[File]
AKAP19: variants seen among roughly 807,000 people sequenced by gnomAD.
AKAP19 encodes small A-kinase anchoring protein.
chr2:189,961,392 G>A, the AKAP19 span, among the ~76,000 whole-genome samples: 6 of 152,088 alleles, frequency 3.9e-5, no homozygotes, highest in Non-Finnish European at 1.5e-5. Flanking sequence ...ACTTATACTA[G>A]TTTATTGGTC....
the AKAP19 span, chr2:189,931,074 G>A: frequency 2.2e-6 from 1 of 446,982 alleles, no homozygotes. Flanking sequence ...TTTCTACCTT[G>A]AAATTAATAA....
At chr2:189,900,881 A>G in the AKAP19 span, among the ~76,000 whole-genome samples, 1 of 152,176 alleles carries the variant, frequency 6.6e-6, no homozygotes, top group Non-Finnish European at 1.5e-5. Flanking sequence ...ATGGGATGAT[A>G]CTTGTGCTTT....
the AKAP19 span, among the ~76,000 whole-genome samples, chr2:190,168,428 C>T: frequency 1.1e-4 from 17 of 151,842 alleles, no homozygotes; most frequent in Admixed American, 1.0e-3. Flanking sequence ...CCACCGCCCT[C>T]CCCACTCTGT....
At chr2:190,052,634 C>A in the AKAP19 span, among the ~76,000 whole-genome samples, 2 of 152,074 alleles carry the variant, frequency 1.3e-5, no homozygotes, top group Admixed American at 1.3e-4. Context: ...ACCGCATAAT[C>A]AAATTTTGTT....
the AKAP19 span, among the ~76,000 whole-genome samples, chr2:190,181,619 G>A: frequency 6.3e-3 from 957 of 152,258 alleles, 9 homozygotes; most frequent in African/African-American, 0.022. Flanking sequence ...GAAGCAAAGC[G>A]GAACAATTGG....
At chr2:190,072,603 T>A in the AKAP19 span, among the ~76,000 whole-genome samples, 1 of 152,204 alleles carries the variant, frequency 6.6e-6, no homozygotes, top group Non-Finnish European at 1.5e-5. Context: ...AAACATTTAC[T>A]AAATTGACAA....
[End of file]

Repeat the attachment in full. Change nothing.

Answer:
AKAP19: variants seen among roughly 807,000 people sequenced by gnomAD.
AKAP19 encodes small A-kinase anchoring protein.
chr2:189,961,392 G>A, the AKAP19 span, among the ~76,000 whole-genome samples: 6 of 152,088 alleles, frequency 3.9e-5, no homozygotes, highest in Non-Finnish European at 1.5e-5. Flanking sequence ...ACTTATACTA[G>A]TTTATTGGTC....
the AKAP19 span, chr2:189,931,074 G>A: frequency 2.2e-6 from 1 of 446,982 alleles, no homozygotes. Flanking sequence ...TTTCTACCTT[G>A]AAATTAATAA....
At chr2:189,900,881 A>G in the AKAP19 span, among the ~76,000 whole-genome samples, 1 of 152,176 alleles carries the variant, frequency 6.6e-6, no homozygotes, top group Non-Finnish European at 1.5e-5. Flanking sequence ...ATGGGATGAT[A>G]CTTGTGCTTT....
the AKAP19 span, among the ~76,000 whole-genome samples, chr2:190,168,428 C>T: frequency 1.1e-4 from 17 of 151,842 alleles, no homozygotes; most frequent in Admixed American, 1.0e-3. Flanking sequence ...CCACCGCCCT[C>T]CCCACTCTGT....
At chr2:190,052,634 C>A in the AKAP19 span, among the ~76,000 whole-genome samples, 2 of 152,074 alleles carry the variant, frequency 1.3e-5, no homozygotes, top group Admixed American at 1.3e-4. Context: ...ACCGCATAAT[C>A]AAATTTTGTT....
the AKAP19 span, among the ~76,000 whole-genome samples, chr2:190,181,619 G>A: frequency 6.3e-3 from 957 of 152,258 alleles, 9 homozygotes; most frequent in African/African-American, 0.022. Flanking sequence ...GAAGCAAAGC[G>A]GAACAATTGG....
At chr2:190,072,603 T>A in the AKAP19 span, among the ~76,000 whole-genome samples, 1 of 152,204 alleles carries the variant, frequency 6.6e-6, no homozygotes, top group Non-Finnish European at 1.5e-5. Context: ...AAACATTTAC[T>A]AAATTGACAA....